Deadline looms for Providence Dam


The City of Greenwood has to decide whether or not to take over maintenance and liability of the Providence (Marshall) Lake Dam from the province of British Columbia by the end of June.
Discussions about the fate of the dam between the city and the province began in October 2010, after the Providence Dam was flagged as “high risk” in a provincial dam inspection report. The province noted that unless local government or a public body decides to step up, the dam will be decommissioned and the drain would have the lake back to its original size.If decommissioned, the lake would drain along Providence Creek and enter the north end of the city before entering Boundary Creek. The Okanagan Fisheries Section of the Ministry of Environment currently maintains Providence Dam.
Chris Stevenson recently created an online group called the Marshall Lake Stewardship Group to bring awareness to the issue.

“This group was created to achieve one goal – to preserve Marshall Lake,” he said. “The Ministry of Forests, Lands and Natural Resources has the licence for the dam and since the Testalinden (mudslide in Oliver, B.C. in 2010), the Fish and Wildlife dept. has been working to transfer the licence, or decommission the dam. I believe that this lake is worth saving and I know that other people feel the same way.”
Marshall Lake is located in the Boundary Region between Grand Forks and Greenwood. The rock filled dam has increased the natural size of the lake from 2.64 to 6.5 surface hectares.

“It doesn’t have to be the City of Greenwood, it could be the public,” Stevenson said. “The letter (from Tara White, senior fi sheries biologist for the Ministry of Forest, Lands and Natural Resources) that went out said that option one was to keep status quo and to keep it with the government, option two was for it to go to the local government or public and option three was to decommission the dam.”
White pointed out in her letter, that “the Okanagan Fish and Wildlife Program doesn’t have the staff capacity or resources to maintain the dam and conduct annual repairs.”

Stevenson, a former city councillor, noted that the issue fell off Greenwood city council’s radar with the switch in council during the 2011 election, though he has been trying to raise awareness through social media and is trying to form a society or co-op.
“I’m thinking we can do a co-op where everybody will purchase a share, so for $25 you can own part of the lake,” he noted. “There are creative ways to do this that require grassroots, broad base support.”
Stevenson noted that while the City of Greenwood is interested in maintaining the lake, the upkeep of the lake won’t work with just the city alone.
“We need to start to think about environment stewardship in this region because this isn’t the only thing that has come up or will come up,” he said. “If we don’t act right now we’re going to lose it and it’s never going to be there again. We don’t have very many lakes here and it’s doable if a committed group of people get together.”
At last Monday’s Greenwood city council meeting, Mayor Nipper Kettle noted that city council passed a motion that they agree in principle but they will defer the decision.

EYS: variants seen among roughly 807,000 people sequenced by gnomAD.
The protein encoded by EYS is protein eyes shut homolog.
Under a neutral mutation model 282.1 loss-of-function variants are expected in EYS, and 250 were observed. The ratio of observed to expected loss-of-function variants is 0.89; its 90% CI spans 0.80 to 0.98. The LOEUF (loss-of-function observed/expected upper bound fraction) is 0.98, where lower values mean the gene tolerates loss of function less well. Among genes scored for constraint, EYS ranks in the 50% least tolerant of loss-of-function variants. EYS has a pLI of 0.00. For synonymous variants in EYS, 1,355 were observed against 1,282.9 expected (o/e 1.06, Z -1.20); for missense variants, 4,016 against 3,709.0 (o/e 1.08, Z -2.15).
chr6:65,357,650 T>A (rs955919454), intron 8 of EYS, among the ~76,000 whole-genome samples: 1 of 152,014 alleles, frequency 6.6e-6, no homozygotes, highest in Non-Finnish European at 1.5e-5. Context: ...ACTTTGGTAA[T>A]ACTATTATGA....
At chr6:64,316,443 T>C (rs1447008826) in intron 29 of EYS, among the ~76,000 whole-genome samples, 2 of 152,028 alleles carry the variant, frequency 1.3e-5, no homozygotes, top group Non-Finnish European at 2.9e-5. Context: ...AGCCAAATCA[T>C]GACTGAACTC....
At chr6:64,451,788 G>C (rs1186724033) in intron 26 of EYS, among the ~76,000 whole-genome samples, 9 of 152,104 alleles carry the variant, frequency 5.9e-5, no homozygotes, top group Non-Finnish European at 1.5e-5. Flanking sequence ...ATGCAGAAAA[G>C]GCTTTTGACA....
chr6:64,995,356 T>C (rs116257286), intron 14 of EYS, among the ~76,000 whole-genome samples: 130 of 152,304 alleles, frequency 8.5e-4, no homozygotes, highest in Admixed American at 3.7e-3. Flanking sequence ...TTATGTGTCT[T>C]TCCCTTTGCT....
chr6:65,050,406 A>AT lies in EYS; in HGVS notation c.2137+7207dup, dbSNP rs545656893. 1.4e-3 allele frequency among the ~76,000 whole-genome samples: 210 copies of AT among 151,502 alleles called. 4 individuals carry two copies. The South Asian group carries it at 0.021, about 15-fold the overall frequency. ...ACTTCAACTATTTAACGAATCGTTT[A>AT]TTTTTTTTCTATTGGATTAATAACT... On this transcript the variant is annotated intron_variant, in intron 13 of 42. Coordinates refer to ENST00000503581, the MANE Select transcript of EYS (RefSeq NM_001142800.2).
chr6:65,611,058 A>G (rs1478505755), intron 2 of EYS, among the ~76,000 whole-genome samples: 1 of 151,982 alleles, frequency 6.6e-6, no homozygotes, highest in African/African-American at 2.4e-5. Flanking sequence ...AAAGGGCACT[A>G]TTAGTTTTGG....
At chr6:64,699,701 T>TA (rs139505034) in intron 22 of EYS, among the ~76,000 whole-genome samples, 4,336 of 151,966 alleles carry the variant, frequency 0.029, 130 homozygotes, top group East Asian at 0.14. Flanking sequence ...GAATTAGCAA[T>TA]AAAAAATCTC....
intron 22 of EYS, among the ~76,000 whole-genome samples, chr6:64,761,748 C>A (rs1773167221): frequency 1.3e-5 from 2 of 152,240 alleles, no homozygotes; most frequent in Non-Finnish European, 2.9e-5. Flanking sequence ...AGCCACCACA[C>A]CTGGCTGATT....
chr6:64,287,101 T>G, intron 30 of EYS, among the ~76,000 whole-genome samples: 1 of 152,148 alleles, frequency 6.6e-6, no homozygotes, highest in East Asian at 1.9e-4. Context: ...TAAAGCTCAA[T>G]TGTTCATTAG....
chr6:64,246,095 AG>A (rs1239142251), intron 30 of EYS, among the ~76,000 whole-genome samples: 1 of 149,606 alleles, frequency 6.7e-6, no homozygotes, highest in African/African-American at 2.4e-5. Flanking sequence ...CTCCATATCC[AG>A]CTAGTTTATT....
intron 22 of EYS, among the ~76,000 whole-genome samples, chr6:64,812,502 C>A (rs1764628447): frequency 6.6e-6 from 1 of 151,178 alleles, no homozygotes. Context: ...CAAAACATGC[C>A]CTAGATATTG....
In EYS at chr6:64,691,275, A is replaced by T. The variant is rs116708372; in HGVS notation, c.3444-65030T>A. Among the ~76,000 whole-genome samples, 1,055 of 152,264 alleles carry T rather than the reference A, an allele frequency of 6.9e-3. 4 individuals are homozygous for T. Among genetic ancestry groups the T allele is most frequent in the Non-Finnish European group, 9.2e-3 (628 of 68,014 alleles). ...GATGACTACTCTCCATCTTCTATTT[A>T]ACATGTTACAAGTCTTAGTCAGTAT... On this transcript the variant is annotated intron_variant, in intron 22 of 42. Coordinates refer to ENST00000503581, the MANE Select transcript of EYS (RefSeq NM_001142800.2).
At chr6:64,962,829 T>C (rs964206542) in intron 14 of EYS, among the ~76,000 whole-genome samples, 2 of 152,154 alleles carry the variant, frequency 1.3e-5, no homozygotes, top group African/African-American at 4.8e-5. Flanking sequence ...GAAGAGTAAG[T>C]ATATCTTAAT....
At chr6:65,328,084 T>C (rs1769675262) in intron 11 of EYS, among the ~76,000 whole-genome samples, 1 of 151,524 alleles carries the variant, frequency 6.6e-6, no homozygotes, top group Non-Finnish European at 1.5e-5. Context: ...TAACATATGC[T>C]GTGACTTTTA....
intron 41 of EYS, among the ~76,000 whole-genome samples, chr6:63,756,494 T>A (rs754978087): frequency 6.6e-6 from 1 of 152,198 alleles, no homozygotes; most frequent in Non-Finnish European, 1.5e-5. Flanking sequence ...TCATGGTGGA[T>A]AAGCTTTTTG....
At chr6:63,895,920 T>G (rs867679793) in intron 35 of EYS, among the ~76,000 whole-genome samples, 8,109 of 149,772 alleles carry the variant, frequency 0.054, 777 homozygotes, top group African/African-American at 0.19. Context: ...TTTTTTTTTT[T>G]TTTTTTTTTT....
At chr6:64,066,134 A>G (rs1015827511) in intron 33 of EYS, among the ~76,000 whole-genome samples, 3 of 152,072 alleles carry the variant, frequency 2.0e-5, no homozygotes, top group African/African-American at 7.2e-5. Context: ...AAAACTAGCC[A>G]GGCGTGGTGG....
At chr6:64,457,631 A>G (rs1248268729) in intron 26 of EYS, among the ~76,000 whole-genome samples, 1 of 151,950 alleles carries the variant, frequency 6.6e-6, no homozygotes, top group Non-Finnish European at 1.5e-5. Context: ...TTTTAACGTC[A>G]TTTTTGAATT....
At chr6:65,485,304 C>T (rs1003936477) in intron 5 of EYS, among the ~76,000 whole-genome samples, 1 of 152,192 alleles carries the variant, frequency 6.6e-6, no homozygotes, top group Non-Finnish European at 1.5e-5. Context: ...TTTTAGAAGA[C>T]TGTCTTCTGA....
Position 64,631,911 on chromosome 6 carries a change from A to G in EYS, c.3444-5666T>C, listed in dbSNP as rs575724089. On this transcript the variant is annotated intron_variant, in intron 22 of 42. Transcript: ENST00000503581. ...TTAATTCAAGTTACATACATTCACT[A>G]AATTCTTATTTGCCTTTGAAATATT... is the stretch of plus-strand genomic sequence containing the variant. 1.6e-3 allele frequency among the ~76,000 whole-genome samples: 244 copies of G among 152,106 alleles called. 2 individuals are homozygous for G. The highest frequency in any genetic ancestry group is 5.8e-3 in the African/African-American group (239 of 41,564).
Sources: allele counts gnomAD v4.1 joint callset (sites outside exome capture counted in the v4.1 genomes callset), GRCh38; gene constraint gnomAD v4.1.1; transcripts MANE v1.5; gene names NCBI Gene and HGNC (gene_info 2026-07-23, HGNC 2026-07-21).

“City staff has recommended that we not proceed,” Kettle said. “But that doesn’t mean you always go with the recommendation. We will be asking the government for an extension in the deadline. It’s a very tough situation because obviously the ministry/government would like to get rid of it.”
The mayor pointed out that the dam has been there for a long time and will be there for more years to come.
“Ultimately it boils down to risk and risk management and liability,” Kettle said. “I don’t know if I would want to strap the citizens of Greenwood with the possibility of anything catastrophic ever happening. It’s a beautiful site with camping and picnic tables, it will still be there but it’ll be much smaller.”
Marshall Lake has a recreational value with its campgrounds and picnic tables, Kettle pointed out.
“We’re looking at ways to keep it, but we do have to have a decision to make soon,” he concluded, noting that Marshall Lake is located in the regional district of Area D.
RDKB Area D director Irene Perepolkin has declined the possibility of taking liability of the lake.
“We don’t know what the liability is of the cost of bringing it up to standard,” she explained. “The (government) gave an estimate of about $135,000 to $400,000 just to bring it back up to standards before we could even get liability insurance on it. I’m not interested on taking on the cost for Area D.”

Perepolkin pointed out that there isn’t a sufficient number of her residents who use the area during the summer time.

“They do use it for cross-country skiing during the winter quite a bit, but the level of the water isn’t prohibited for that,” she added. “The lake isn’t going to completely disappear, but the water levels will be lowered to what they originally were if (the government) does decommission it.”
If a group was to be formed, Perepolkin said, “Area D wouldn’t mind helping maintain the lake but we wouldn’t want to have any stake hold in it. It’s not something my area is willing to support at this time.”
The Providence inspection occurred after the Testalinden dam incident near Oliver, B.C. in June 2010. The incident resulted in a debris and mud torrent that damaged a number of homes and agricultural areas.

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